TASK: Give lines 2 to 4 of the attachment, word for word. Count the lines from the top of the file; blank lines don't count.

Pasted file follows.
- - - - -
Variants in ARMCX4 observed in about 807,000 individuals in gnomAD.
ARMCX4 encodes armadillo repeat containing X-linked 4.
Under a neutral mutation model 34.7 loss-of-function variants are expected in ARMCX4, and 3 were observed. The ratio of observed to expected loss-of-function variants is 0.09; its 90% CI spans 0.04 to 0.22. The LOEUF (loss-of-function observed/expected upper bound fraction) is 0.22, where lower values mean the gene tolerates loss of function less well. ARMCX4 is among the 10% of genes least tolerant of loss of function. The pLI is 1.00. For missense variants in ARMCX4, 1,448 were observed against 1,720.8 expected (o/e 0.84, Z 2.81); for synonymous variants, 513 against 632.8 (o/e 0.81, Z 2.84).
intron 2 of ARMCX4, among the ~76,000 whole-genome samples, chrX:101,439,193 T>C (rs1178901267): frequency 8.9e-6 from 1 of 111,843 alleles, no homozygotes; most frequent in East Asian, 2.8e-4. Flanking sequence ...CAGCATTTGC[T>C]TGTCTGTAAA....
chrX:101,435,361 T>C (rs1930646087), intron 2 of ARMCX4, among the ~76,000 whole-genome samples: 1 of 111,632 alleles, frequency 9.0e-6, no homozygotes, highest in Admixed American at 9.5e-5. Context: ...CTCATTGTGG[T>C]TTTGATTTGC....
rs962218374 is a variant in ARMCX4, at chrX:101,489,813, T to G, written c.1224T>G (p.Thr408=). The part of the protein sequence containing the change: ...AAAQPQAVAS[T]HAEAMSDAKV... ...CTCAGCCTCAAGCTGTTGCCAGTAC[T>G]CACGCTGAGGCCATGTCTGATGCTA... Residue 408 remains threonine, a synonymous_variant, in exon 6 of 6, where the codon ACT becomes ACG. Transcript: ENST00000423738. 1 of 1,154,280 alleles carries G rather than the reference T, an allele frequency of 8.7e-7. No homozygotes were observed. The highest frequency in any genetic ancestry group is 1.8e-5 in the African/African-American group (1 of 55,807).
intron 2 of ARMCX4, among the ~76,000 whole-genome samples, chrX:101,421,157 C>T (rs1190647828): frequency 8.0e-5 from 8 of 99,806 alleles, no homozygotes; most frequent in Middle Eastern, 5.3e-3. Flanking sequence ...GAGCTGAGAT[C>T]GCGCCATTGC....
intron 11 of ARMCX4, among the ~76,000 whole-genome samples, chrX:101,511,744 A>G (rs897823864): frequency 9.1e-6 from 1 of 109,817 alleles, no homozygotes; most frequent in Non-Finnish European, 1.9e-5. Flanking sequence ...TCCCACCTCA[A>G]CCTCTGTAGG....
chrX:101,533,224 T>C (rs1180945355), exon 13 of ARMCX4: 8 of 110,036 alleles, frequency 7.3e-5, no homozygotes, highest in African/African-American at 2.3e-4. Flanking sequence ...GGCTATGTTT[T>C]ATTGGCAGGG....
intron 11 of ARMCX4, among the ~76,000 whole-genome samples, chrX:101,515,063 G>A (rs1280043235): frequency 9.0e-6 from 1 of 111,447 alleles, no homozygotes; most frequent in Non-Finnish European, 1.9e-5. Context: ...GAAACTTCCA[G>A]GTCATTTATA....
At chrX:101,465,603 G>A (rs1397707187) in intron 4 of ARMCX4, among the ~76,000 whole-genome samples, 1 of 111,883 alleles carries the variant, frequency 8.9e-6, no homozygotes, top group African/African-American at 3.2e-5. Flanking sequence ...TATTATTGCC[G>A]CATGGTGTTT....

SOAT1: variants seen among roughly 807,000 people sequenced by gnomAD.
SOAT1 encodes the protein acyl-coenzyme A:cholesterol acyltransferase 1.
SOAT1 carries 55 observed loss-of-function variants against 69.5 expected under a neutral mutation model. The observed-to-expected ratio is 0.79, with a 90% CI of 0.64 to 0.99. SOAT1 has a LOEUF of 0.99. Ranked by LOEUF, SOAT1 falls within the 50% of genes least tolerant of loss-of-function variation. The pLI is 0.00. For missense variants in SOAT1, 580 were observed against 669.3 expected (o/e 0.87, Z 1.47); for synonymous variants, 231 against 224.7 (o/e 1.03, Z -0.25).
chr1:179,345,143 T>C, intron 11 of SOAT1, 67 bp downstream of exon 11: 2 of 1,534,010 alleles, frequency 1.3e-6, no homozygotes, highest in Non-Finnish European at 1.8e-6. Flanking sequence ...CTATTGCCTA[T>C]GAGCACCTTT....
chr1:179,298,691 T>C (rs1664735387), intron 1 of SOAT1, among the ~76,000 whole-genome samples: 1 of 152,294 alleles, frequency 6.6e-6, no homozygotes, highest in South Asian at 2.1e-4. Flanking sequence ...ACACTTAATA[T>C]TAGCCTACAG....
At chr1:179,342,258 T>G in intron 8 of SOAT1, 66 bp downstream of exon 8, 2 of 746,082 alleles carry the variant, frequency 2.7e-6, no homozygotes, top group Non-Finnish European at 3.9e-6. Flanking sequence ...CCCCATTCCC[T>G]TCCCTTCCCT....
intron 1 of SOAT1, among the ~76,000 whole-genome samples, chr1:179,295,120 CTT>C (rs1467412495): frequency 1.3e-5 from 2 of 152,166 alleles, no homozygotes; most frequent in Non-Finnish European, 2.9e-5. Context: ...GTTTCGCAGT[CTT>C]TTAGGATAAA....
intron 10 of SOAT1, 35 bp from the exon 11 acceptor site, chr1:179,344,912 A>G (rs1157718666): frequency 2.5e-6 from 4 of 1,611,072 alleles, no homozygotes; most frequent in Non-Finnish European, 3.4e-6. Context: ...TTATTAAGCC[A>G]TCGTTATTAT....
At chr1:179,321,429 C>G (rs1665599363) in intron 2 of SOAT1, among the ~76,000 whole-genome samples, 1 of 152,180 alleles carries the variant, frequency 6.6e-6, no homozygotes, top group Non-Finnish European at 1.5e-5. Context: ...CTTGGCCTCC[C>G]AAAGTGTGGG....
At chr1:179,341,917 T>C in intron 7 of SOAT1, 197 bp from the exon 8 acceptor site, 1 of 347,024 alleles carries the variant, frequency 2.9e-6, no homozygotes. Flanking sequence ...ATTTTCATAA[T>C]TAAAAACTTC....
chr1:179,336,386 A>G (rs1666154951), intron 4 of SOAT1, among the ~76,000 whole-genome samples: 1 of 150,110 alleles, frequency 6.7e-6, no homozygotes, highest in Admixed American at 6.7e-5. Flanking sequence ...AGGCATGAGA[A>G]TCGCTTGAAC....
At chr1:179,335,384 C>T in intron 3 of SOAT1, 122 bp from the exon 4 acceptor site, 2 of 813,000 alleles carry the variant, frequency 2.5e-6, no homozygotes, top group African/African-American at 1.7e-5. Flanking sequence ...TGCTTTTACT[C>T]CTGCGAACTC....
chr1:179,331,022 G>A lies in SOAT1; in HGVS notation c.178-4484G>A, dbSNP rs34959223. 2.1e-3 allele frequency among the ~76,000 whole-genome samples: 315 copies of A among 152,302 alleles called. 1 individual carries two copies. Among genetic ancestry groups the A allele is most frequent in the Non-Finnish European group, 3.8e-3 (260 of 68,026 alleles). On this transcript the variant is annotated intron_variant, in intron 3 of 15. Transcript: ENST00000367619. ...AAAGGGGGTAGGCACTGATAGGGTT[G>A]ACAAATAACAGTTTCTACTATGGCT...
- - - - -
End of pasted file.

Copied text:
ARMCX4 encodes armadillo repeat containing X-linked 4.
Under a neutral mutation model 34.7 loss-of-function variants are expected in ARMCX4, and 3 were observed. The ratio of observed to expected loss-of-function variants is 0.09; its 90% CI spans 0.04 to 0.22. The LOEUF (loss-of-function observed/expected upper bound fraction) is 0.22, where lower values mean the gene tolerates loss of function less well. ARMCX4 is among the 10% of genes least tolerant of loss of function. The pLI is 1.00. For missense variants in ARMCX4, 1,448 were observed against 1,720.8 expected (o/e 0.84, Z 2.81); for synonymous variants, 513 against 632.8 (o/e 0.81, Z 2.84).
intron 2 of ARMCX4, among the ~76,000 whole-genome samples, chrX:101,439,193 T>C (rs1178901267): frequency 8.9e-6 from 1 of 111,843 alleles, no homozygotes; most frequent in East Asian, 2.8e-4. Flanking sequence ...CAGCATTTGC[T>C]TGTCTGTAAA....